I must know how I’m getting to your event and how long it’s going to take. Is it easier to drive and park or take an Uber? Check Google Maps traffic predictions for the time of your event the day before the event. I’ll always leave about and extra 45 minutes earlier than I think it will actually take me incase it’s “one of those days.” Also knowing which room to find you in is helpful, too!
Before your event, I will chat with you, about a sequence of events and the key players and moments to be sure to capture. Are there any moments I should NOT be taking photographs? Also you should know I will not walk out at 10pm if there is clearly something important still happening at 10:05pm.
10 good reasons to carry Pepper Spray with you everywhere
March 30, 2017
Many of my friends (approximately 3 of them) have made comments to me about the pepper spray I have been carrying around. Here's why:
1. You never know when you’re going to want to spice up your &Pizza
2. You can buy it in all different color canisters and impress your friends
3. You never know when your girlfriend / boyfriend is going to make you mad
4. You will no longer have to burden yourself with going to the gym to get stronger
5. The hotter spray you buy, the hotter you will feel
6. You can use it to enhance your fourth of July sparkler experience
7. You don’t have to be responsible enough to buy a dog to protect you instead
8. Your mom no longer has an excuse to send you, “Are you alive?” texts
9. You can walk anywhere at night, even the dark alleys with the rats
10. You do NOT have to worry about that $5 in your wallet getting stolen
** Disclosure: This product works against all humans except Chuck Norris.
March 27, 2017
If you’re anything like me, you like to do-it-yourself, but sometimes you’re not sure how.
Thankfully there are websites like YouTube, where the learning is endless, and you do not have to read anything. Lately though, I have been resorting to step-by-step posts, because normally I can read the instructions faster than someone can tell in me in their homemade video. I give these guys a lot of credit and thanks for sharing their knowledge, but time is money, time is valuable, and I do not like wasting time. I do not need to see Bob in his basement going on and on about something unrelated to what I'm trying to accomplish. Certainly you can sit there and scrub through 15 minutes of B.S. but you may miss a step and it’s generally kind of annoying to have to wait toget to what's really important.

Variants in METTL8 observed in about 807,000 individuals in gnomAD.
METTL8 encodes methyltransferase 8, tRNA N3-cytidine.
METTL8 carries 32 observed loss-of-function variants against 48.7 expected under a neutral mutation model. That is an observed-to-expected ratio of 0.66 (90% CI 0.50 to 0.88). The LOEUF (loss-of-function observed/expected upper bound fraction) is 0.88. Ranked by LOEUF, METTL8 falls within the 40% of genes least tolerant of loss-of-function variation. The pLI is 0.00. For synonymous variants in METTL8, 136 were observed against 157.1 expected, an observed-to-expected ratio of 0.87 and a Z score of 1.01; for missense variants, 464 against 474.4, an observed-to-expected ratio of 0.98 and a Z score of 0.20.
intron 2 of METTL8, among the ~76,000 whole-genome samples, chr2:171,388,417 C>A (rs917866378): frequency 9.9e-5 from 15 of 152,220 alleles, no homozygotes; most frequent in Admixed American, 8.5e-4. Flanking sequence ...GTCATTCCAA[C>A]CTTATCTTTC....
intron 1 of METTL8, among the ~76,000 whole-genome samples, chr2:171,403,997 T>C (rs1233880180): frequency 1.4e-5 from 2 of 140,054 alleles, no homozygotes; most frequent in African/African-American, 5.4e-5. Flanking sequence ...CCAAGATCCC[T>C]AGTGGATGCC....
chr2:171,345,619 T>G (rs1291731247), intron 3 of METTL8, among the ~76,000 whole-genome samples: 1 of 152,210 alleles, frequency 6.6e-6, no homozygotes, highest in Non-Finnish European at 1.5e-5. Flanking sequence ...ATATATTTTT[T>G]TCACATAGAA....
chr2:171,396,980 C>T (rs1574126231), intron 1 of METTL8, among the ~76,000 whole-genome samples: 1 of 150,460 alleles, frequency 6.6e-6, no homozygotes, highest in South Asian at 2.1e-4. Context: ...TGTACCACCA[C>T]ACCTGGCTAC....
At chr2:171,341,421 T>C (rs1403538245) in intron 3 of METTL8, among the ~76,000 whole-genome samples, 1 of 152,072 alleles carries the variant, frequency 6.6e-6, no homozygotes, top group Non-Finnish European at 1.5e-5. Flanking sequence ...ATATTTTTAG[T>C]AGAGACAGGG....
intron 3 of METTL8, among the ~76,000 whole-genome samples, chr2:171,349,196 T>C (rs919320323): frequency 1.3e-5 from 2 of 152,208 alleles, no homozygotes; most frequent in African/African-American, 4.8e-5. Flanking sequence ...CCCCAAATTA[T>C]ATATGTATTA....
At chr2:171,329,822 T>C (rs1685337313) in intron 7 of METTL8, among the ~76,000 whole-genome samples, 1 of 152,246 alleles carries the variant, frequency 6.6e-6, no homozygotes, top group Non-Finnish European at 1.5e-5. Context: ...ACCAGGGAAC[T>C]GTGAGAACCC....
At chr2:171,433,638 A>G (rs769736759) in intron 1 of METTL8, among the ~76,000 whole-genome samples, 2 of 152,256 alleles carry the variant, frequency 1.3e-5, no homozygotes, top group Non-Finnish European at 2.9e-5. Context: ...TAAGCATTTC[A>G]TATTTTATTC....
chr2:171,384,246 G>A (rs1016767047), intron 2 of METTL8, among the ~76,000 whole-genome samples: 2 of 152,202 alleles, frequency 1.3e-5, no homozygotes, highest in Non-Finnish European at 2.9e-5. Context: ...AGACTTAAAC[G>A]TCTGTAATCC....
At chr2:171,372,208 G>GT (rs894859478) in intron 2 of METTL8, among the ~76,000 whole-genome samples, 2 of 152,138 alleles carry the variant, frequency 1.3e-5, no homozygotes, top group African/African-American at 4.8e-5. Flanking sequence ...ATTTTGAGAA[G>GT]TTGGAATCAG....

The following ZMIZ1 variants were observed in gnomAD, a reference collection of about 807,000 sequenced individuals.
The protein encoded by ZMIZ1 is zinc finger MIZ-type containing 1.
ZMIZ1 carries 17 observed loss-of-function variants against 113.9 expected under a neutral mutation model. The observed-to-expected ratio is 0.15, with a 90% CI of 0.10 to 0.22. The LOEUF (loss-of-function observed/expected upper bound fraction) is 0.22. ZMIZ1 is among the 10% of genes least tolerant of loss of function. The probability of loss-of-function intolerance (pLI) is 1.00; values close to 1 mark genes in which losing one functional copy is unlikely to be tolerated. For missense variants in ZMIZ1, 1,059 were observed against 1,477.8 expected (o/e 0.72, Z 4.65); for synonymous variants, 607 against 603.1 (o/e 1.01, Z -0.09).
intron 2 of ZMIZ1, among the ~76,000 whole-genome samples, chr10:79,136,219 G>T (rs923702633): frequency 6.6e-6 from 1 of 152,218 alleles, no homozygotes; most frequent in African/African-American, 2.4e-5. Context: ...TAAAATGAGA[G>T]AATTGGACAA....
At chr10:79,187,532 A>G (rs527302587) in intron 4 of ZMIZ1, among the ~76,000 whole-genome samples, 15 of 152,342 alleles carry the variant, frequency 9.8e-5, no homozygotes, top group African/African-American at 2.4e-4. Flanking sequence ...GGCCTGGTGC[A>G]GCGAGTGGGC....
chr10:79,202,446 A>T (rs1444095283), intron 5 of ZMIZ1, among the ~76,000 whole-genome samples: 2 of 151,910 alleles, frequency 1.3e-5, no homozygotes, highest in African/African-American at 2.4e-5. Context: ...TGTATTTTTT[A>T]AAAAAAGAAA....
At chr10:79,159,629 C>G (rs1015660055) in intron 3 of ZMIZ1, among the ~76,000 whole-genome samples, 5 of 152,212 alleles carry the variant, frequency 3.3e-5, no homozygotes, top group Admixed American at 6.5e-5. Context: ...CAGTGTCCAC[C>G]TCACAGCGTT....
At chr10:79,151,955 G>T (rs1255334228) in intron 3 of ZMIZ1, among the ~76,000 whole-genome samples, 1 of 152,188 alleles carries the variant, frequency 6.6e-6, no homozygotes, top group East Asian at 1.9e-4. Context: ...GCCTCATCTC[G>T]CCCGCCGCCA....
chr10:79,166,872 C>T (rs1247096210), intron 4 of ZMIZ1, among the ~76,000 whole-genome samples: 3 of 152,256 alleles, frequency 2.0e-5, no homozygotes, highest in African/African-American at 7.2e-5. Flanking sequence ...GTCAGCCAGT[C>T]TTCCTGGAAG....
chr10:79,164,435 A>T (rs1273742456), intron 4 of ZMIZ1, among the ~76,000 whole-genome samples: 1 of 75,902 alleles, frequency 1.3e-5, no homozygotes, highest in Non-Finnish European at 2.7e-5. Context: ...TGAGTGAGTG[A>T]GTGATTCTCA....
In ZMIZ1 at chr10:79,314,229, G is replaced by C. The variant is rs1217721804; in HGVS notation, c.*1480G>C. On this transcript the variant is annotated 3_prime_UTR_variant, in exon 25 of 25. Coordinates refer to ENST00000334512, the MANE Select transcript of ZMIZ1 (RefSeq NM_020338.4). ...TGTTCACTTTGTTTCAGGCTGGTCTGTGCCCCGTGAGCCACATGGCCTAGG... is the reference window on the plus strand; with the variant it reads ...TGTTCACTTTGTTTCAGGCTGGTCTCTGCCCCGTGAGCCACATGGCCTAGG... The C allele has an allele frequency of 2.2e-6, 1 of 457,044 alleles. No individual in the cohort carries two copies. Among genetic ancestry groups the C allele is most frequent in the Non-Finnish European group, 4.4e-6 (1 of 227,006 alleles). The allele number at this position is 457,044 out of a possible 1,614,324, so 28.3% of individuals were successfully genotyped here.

Time-lapse allows us to easily condense something that actually takes ten minutes – into ONE MINUTE. But I’m not even cutting out any of the important parts. You can visually see all of the products I’m using in a fun little dance at the beginning of the YouTube video and then, 60 seconds later, you have effortlessly digested how to mount a poster or print onto foam board. And if you have to re-watch it, at least it’s not going to take up a ton of time! You can use those extra ten minutes to give your mom a call...
Also you may find the ingredients in the description on YouTube.
How to be a good food photographer
March 23, 2017
“She’s not acting like a princess,” explained the frustrated mom who is the receptionist at my veterinarian’s office. “I hope she’ll love me again when she turns three.”
As much as children are a dream of mine, I am going to embrace the time I have to take pictures of sloppy cheeseburgers in an hour of free time. It's a real dream come true to buy an $8 tax deductible double cheeseburger and make it sing in the streets of Columbia Heights and better yet, its "work."
Although I can’t say I whole-heartedly desire to be a food photographer, mostly because of the challenge I face: getting through the photoshoot without eating the subject (luckily I do not do this with people). However I have always enjoyed the challenge of building an image from the ground up. An inanimate object or food do not have a personality on their own. However we can give them some compelling characteristics using an interesting composition with suggestive lighting and an appropriate background. Seemingly my graphic design studies have stuck with me, and one of my all time favorite design principles is scale: the comparison of size of one object in relation to another.
The conception of my idea for this advertising piece came from an ad I always laugh at when I'm leaving IKEA. When you are heading to the checkout area, there is a gigantic sign (about 20 foot wide) with an image of a cinnamon roll covering the whole thing. There's a special note in the bottom left corner that readss: *Not actual size.
Maybe they have to write that, but I'd like to think the designer has a nice sense of humor. Regardless, that got me thinking about the impact the actual size size of an object has on our everyday lives. From a large man towering over everyone in a crowd…to a metro bus zooming by while you're riding your bike down 11th street…to a double cheeseburger at Z-Burger that is almost as big as your head--our perspective and our opinions are quickly formed because of the instant impact of the figure’s size. Or even more interesting, the object’s perceived size.
This is where I began playing a game with my imagination: if the burger were seemingly just as big as the Z-Burger restaurant itself, wouldn’t people be more intrigued? Unfortunately I can't exactly print a 20 foot ad in a magazine like the impressive IKEA sign, but I still want to have that wowing, BIG IMPACT...and I can use scale to execute this just how I imagined. Without ordering a 500 lb burger!
So how does one become a good food photographer? The answer for me: Do not eat the subject.
...baby steps. I’m actually working on figuring this out and I would appreciate any insights you have on the food photography world. Or if you just want to share your favorite food or what you think I should photograph food wise. Feedback appreciated.
Where to take professional headshots
March 22, 2017